We are #1 – Not!


The United States has held on to 27th place in an index of 158 countries documenting conditions for mothers throughout the world. Mothers’ education, access to health care, and economic status in each country were evaluated because they are the three factors most closely linked to the quality of children’s lives. The underlying data is provided by governments, research institutions, and international agencies.

The top ten nations were Sweden, Norway, Australia, Iceland, Denmark, New Zealand, Finland, Ireland, Germany, and the Netherlands. Each had a very low rate of maternal mortality, considerable paid maternity leave, high rates of female representation in government, and equaliy in pay between men and women.

Conditions in the United States are very different. More women die of pregnancy-related causes here than all European countries, as well as Canada, Hungary, and Japan. Alone among wealthy nations, the US does not offer any guaranteed paid maternity leave. Only 17% of seats in the US Congress are held by women, giving us less political status than Argentina, Armenia, Guyana and Iraq. And finally, the typical full-time, full year working woman only earns about 3/4 of what a man earns. Mothers on average earn much, much less.

The report was issued by Save the Children, which monitors such conditions every year, because… you simply can’t save children if you don’t empower their mothers.


  • Joannie


    It is cause for concern that there is so far to go in the US for the indicators listed – but being Australian I was amazed to see that we are listed as third?! What does that say about the rest of the world? Only just last week did our government earmark for 2011 the beginnings of a universal paid parental leave scheme for around 18 weeks (all well and good) but we were 1 of only 2 countries in the OECD who didn’t have such as scheme (us and the US). The services after the birth of a child are not good and there is a documented rate of 16% of women who suffer with postnatal depression. And there is a need for substantial changes in the workplace (at least the private sector – our public service is very good) before they could be called family friendly. I believe the UK has had a universal paid parental leave scheme for many years and the Sure Start program also looks very good and yet they didn’t make it into the top ten. Its great that such reports exist but I am keen to look at more of the detail. Thanks for posting it.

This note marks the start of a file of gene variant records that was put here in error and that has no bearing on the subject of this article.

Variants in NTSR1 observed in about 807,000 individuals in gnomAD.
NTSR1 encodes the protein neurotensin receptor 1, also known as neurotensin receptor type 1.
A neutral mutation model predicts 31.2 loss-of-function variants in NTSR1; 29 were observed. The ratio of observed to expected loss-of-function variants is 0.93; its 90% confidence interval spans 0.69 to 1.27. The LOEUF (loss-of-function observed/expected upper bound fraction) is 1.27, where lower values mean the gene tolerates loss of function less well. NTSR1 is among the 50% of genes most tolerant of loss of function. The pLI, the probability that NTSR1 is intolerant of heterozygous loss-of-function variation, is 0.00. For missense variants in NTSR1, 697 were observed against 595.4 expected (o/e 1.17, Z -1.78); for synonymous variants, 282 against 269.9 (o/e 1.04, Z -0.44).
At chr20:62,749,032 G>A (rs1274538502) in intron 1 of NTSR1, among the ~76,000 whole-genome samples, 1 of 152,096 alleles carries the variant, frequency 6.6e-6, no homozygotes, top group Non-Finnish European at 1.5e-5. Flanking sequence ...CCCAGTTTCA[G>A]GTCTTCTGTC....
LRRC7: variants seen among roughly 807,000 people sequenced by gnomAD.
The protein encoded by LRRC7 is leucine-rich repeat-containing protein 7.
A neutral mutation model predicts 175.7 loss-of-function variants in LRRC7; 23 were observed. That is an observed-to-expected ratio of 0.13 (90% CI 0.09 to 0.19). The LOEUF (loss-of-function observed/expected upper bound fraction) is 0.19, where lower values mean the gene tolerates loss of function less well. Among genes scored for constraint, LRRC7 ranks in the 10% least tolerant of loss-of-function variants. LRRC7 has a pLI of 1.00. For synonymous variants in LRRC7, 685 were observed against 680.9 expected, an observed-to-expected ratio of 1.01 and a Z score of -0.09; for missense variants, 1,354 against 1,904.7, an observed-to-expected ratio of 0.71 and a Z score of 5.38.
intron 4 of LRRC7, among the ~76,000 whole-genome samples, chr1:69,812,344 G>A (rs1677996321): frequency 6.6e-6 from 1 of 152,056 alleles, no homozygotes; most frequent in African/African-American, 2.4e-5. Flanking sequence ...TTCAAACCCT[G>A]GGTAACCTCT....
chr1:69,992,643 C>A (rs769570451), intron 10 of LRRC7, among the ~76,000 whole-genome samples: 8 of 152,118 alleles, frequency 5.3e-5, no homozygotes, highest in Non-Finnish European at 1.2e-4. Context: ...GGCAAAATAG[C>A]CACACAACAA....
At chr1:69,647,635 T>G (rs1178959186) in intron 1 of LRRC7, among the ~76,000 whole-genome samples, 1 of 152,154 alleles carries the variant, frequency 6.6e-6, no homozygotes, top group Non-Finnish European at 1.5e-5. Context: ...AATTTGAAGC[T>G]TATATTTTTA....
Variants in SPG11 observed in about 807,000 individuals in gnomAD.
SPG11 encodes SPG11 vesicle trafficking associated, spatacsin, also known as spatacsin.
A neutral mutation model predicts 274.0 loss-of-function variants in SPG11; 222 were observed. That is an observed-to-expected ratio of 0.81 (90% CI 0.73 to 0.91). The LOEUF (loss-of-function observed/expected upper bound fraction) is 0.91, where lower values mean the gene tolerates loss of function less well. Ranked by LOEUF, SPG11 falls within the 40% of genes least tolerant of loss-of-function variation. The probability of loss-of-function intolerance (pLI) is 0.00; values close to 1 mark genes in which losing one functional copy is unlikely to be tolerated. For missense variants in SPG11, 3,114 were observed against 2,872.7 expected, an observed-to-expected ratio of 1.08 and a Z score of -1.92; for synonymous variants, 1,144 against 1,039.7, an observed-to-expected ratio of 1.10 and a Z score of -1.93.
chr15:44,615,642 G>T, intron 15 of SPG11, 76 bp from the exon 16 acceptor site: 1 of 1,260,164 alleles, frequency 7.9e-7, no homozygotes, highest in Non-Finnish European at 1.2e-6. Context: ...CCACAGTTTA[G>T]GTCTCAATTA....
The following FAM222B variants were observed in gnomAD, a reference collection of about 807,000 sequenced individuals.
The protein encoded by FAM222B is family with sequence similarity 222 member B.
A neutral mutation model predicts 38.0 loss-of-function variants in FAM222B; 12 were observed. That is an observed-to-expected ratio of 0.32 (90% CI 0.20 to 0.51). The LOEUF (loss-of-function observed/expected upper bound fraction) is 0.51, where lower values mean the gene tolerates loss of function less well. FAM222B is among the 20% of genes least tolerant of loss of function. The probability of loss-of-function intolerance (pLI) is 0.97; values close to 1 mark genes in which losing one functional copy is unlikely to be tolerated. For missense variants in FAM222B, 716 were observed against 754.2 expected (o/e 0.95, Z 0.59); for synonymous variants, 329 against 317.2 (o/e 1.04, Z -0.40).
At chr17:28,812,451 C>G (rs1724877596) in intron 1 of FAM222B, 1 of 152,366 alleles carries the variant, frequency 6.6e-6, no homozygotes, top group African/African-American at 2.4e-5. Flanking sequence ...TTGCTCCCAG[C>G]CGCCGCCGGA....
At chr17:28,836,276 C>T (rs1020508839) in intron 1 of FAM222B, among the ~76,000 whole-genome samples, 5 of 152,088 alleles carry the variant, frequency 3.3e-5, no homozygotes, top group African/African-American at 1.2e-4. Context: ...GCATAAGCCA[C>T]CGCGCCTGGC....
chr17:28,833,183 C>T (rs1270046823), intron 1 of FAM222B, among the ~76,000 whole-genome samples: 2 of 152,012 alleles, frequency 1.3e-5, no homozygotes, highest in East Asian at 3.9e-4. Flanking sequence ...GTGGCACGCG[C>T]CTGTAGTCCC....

best, Joannie

  • Joannie

    Hello again,

    Talk about links – I just came across a wonderful link of the United Nations Commission on the Status of Women considered the theme: “The equal sharing of responsibilities between women and men, including caregiving in the context of HIV/AIDS” at its 53rd session.

    On this site you can find reports on the conclusions, emerging issues, and video coverage of discussions – amazing and it seems a strong emphasis on sharing care.

    Something I hope to look at from time to time over the coming weeks or months.

    I’ll let you know if/when I come across something spectacular (well encouraging at the least). see:

    best, Joannie

  • Rj

    you simply can’t save children if you don’t empower their mothers. Excellent line. You should make a poster or something. Luv it!

  • Joannie

    Hello again,

    I came across this post today that contradicts the findings of the above mentioned report on mothers.


    Early childhood development report card

    Australia is falling behind most of the developed world when it comes to early childhood development, according to the 10th annual State of the world's mothers report released by Save the Children.

    Download the Executive summary of the State of the World's Mothers report (PDF)

    Download the full State of the World's Mothers report (PDF)

    (GV The report card is worth looking at as it shows Australia is at the back of the pack. The question is do you believe it, especially when it shows that 125% of 3-4 year olds in Flanders are enrolled in preschool?
    Does it take into account the fact that in NSW, for example, a relatively higher proportion of children attend child care within which there is an integrated preschool program – how much does this contribute to the fact that only 42% of 3-4 year olds are enrolled in preschool.
    What if we restricted the age group to 4 year olds?)

    Is it really relevant to the state of mothers to include the levels of children in preschool. So much talk about women as mothers is pitched in terms of the health and welfare of the child (all well and good because this is certainly of critical concern to the mother) but I must say an overemphasis worries me.

    best, Joannie

    Just no time to follow-up with the reports at the moment but something to earmark.